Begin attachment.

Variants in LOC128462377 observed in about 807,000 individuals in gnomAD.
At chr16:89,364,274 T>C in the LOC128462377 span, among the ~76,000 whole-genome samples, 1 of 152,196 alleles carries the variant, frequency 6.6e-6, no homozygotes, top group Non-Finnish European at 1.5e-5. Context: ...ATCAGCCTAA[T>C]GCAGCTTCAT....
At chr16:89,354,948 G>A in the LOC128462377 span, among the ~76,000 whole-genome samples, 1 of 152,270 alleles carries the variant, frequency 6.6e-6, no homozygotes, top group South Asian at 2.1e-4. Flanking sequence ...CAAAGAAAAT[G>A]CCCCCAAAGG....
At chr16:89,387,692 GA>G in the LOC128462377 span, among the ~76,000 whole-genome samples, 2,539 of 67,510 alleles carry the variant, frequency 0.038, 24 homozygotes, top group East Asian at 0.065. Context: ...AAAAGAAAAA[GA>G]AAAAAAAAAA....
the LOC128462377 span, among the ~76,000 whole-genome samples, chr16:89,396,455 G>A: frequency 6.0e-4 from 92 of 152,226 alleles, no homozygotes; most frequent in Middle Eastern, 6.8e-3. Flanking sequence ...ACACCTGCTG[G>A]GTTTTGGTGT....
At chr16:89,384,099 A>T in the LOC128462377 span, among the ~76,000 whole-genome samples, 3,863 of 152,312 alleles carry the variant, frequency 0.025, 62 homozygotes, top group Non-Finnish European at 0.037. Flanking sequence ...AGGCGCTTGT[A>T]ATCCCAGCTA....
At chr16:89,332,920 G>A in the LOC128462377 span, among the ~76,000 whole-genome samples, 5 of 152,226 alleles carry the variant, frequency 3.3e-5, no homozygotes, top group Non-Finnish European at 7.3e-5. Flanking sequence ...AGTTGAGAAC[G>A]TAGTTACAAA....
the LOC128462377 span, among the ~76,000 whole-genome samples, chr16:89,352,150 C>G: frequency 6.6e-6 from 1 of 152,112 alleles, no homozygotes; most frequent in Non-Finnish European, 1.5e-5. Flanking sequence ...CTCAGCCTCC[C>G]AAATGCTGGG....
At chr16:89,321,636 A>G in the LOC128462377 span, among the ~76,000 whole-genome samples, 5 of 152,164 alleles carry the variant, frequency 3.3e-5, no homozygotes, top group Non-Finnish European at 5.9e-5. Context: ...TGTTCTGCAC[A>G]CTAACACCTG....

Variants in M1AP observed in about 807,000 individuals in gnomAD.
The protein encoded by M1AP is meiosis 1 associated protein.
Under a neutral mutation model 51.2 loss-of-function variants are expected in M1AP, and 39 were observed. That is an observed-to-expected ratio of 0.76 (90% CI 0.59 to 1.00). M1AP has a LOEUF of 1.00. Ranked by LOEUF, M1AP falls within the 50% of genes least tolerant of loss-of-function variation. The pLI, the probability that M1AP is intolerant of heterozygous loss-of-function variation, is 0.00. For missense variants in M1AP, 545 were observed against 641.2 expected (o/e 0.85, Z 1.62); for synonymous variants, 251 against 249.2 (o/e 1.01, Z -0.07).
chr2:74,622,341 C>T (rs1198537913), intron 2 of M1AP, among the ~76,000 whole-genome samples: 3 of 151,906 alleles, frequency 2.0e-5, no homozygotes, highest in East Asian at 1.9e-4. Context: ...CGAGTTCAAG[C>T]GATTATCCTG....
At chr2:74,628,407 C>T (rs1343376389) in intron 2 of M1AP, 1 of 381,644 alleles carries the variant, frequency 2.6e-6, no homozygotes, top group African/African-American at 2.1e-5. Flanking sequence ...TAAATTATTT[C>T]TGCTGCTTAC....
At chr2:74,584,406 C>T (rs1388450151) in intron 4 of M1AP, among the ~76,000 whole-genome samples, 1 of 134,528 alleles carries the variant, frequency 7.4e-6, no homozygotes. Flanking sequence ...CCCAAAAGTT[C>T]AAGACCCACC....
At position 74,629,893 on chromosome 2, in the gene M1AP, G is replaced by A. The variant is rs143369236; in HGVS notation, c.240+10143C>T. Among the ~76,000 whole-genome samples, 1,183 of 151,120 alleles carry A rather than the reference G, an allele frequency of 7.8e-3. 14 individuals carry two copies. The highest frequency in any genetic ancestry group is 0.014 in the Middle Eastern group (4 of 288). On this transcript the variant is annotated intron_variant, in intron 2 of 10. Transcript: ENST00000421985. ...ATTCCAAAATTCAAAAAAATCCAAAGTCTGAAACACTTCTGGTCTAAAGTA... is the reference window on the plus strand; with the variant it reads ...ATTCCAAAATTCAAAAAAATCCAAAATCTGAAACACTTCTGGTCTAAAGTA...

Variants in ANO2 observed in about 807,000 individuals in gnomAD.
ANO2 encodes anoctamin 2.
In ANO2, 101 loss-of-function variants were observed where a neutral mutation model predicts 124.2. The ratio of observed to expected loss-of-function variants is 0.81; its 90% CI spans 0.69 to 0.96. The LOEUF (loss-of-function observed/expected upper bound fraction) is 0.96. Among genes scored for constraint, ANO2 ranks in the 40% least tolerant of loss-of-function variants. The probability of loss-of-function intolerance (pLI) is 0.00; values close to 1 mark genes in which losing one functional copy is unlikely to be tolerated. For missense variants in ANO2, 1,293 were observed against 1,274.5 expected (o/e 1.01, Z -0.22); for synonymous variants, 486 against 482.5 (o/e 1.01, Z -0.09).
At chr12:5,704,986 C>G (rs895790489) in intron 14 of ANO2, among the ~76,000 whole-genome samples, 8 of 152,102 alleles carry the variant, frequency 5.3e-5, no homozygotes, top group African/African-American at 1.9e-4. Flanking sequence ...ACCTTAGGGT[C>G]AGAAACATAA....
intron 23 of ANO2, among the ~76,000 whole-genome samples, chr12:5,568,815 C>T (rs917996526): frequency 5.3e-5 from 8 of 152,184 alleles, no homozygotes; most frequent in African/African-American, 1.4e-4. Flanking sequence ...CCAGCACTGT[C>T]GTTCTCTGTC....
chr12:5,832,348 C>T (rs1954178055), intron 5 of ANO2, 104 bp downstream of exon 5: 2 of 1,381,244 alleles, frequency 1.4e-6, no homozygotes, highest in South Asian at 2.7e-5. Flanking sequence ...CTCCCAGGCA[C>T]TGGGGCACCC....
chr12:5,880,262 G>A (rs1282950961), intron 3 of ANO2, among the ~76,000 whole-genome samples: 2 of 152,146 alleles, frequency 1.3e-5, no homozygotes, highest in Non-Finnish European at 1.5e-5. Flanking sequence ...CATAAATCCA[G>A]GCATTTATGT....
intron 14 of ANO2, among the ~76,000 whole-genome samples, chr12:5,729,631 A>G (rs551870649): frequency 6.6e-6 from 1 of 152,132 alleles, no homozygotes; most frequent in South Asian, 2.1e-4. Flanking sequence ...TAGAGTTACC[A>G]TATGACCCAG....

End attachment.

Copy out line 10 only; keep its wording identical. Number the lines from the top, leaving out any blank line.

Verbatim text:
Variants in M1AP observed in about 807,000 individuals in gnomAD.